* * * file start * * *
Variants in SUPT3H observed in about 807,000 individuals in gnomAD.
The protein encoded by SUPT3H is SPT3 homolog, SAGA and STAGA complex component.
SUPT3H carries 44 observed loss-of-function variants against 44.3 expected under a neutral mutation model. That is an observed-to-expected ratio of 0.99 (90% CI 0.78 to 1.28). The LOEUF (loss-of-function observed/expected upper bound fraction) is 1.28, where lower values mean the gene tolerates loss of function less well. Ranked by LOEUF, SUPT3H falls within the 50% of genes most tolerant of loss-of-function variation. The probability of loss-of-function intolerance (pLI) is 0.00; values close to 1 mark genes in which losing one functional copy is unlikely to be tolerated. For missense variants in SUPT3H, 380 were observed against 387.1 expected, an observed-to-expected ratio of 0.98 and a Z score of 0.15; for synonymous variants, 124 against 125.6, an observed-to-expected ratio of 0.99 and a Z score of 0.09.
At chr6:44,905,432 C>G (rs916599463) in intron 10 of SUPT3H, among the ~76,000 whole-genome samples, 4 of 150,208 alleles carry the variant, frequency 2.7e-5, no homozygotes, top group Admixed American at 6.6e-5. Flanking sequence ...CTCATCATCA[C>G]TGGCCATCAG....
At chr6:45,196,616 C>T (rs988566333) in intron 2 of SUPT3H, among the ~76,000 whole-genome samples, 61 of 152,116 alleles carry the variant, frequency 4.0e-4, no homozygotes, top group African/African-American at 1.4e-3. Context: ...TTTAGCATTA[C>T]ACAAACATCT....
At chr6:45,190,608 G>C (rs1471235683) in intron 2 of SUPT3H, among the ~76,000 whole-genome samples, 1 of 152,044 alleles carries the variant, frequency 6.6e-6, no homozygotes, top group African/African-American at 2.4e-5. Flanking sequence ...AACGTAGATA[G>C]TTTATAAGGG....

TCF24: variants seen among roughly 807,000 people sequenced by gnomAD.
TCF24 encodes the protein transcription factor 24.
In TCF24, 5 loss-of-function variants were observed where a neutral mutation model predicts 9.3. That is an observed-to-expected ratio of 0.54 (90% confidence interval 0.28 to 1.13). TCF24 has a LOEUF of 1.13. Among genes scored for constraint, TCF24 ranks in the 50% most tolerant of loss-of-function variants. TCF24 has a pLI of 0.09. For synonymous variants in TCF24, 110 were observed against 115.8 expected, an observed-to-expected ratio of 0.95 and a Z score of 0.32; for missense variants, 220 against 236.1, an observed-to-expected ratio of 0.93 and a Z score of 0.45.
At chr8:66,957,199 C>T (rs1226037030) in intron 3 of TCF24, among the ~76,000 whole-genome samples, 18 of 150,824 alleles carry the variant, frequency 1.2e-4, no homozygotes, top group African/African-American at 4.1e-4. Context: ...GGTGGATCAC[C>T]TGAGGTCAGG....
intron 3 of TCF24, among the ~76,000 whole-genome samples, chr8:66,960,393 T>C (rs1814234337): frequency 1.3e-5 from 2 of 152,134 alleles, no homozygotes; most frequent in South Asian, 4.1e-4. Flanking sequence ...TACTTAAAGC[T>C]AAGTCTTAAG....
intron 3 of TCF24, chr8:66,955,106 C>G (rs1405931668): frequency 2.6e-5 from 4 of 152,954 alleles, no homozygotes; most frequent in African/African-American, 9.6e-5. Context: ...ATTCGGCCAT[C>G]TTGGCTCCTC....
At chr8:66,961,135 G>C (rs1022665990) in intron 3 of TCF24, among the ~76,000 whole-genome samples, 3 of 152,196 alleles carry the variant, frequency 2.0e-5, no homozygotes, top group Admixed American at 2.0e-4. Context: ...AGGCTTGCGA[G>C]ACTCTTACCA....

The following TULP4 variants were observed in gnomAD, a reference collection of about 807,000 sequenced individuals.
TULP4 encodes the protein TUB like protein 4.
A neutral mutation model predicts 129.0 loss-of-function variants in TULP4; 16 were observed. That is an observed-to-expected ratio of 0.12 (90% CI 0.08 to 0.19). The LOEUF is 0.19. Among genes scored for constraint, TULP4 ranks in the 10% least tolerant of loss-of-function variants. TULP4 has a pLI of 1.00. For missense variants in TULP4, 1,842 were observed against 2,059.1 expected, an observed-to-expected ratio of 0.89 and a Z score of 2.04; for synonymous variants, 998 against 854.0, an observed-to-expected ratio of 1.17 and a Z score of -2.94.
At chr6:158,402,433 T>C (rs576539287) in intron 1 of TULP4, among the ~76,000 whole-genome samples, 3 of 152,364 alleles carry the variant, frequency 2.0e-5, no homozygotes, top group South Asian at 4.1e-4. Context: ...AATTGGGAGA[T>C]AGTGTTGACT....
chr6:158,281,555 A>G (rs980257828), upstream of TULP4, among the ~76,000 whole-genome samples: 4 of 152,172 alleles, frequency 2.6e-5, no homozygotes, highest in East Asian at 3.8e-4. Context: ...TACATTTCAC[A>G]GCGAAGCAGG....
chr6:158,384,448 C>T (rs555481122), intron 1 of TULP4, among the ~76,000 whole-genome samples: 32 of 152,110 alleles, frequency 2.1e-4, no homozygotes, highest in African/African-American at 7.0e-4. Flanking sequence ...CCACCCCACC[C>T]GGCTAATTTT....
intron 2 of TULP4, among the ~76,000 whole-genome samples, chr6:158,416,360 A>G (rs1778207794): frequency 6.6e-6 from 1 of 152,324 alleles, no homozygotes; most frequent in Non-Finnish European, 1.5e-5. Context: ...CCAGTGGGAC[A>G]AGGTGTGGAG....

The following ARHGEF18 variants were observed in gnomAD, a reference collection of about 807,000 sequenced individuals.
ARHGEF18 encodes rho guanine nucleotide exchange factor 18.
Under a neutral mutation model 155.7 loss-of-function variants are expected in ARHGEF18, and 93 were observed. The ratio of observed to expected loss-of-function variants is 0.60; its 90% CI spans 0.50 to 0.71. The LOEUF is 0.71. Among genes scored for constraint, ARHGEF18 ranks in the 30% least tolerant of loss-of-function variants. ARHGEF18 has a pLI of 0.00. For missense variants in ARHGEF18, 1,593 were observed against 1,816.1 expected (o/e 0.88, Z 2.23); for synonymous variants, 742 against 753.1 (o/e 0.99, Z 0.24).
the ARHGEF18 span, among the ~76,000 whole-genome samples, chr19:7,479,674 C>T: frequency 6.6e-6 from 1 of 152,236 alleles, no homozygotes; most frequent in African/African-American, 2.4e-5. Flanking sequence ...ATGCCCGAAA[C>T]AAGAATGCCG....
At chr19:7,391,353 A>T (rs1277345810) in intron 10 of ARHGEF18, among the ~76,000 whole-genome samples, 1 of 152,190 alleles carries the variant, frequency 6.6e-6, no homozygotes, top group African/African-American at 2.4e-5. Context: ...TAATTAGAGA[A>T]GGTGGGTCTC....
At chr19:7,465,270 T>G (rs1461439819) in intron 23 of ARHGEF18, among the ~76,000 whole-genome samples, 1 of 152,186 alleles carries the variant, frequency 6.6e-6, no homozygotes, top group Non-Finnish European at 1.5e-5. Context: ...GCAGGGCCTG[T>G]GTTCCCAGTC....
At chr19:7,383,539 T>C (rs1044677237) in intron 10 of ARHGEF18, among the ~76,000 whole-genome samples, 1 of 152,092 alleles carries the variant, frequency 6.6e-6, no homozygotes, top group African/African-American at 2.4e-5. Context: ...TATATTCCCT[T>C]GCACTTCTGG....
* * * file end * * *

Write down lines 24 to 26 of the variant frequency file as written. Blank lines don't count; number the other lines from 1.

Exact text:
the ARHGEF18 span, among the ~76,000 whole-genome samples, chr19:7,479,674 C>T: frequency 6.6e-6 from 1 of 152,236 alleles, no homozygotes; most frequent in African/African-American, 2.4e-5. Flanking sequence ...ATGCCCGAAA[C>T]AAGAATGCCG....
At chr19:7,391,353 A>T (rs1277345810) in intron 10 of ARHGEF18, among the ~76,000 whole-genome samples, 1 of 152,190 alleles carries the variant, frequency 6.6e-6, no homozygotes, top group African/African-American at 2.4e-5. Context: ...TAATTAGAGA[A>T]GGTGGGTCTC....
At chr19:7,465,270 T>G (rs1461439819) in intron 23 of ARHGEF18, among the ~76,000 whole-genome samples, 1 of 152,186 alleles carries the variant, frequency 6.6e-6, no homozygotes, top group Non-Finnish European at 1.5e-5. Context: ...GCAGGGCCTG[T>G]GTTCCCAGTC....